FPB opens a case against EFF member for threatening pupils ahead of party's national shutdown

The EFF is planning a national shutdown next week and one member has warned pupils to stay home or risk being beaten up.
The EFF is planning a national shutdown next week and one member has warned pupils to stay home or risk being beaten up.
Image: Esa Alexander

The Film and Publication Board (FPB) opened a case against an EFF member seen in a video threatening to harm children who attend school on the day of the party's planned national shutdown.

The 30-second clip shows a man in EFF regalia in front of a party banner using threatening language while warning pupils to stay home the day after the party “gave the minister seven days to close schools”.

The EFF is planning the “mother of all shutdowns” on Monday, calling for President Cyril Ramaphosa to resign. The opposition party has warned South Africans to “close down everything” as “nothing will be operating on that day”.

The board in a statement expressed concern, saying the video and sharing it “is in contravention of section 18H of the Films and Publications Act which prohibits the distribution of content that incites imminent violence and/or constitutes incitement to cause harm”.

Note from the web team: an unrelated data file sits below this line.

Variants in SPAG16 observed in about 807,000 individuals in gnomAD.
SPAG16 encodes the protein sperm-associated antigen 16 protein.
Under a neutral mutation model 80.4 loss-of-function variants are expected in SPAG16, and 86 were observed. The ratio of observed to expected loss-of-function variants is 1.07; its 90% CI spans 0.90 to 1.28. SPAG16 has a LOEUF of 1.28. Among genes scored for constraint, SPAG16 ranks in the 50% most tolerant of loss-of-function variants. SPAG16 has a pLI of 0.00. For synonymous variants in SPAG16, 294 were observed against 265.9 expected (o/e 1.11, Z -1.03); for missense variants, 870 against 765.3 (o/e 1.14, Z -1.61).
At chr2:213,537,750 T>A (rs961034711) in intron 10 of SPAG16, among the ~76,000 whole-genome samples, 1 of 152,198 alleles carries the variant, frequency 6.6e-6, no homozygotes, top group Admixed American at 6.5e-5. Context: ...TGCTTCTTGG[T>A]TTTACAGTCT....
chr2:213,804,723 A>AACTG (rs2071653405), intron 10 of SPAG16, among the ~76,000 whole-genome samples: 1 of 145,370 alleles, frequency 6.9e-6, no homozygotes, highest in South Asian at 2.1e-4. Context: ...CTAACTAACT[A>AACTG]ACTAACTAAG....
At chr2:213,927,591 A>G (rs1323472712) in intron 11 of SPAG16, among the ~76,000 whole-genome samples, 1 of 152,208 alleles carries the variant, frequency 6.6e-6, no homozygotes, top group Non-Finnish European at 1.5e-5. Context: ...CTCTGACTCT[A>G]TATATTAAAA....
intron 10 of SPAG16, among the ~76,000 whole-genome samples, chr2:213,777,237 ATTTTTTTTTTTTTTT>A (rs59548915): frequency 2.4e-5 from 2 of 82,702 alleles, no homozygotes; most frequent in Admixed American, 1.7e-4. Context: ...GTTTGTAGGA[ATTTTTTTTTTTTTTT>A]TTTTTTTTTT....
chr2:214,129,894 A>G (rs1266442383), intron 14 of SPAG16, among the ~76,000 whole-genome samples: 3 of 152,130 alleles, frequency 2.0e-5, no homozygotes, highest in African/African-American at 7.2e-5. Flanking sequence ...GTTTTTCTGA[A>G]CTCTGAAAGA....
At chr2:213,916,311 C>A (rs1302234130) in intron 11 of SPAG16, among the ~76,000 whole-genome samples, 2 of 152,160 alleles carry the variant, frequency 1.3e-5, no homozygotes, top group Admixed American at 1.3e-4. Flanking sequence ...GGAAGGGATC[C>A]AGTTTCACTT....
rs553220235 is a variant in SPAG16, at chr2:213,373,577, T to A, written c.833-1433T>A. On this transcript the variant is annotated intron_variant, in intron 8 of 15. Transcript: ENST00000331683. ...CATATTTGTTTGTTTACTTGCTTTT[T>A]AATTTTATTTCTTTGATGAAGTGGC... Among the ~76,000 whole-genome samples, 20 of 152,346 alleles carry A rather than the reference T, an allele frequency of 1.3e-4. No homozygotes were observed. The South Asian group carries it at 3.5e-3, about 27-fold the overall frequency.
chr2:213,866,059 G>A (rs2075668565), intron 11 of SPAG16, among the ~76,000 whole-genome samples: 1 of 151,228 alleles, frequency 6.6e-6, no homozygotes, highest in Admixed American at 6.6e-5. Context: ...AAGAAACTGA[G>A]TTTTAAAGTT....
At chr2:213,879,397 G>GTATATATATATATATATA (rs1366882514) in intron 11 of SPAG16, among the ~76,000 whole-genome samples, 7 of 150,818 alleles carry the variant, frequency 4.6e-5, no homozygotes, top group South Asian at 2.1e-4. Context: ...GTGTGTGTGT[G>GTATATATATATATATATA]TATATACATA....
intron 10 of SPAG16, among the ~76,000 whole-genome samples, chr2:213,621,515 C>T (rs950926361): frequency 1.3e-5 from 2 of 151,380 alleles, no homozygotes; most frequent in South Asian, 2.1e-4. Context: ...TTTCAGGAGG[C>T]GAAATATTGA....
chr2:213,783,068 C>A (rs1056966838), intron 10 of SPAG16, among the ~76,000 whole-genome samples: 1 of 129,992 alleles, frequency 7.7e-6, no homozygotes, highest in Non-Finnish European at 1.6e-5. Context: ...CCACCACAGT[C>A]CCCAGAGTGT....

“The FPB has written to Twitter to take down the video from its platform as the video in addition to inciting public violence, is blatantly threatening to children.

“Furthermore, the FPB has opened a case at Lyttelton police station so that the perpetrator can be brought to book. The FPB, as required by the act, will work with the police in ensuring that the matter is dealt with swiftly to finality.”

The authority said it would monitor the removal of the video on social media to “ensure that no further dissemination or distribution by the public occurs”.

It advised people not to share, re-post or distribute the clip in any form because doing so will make them equally guilty.

FPB CEO Dr Mashilo Boloka, said “the distribution of the material underlines the continuing unprecedented trend of online harms directed at children and other vulnerable groups, including women and people with disabilities”.

“As the FPB, we are gearing ourselves up to aggressively deal with these online harms so that we have a safer online environment for the entire South African public. Being online is a human rights issue which every South African should enjoy whether for social, economic, or educational purposes.”



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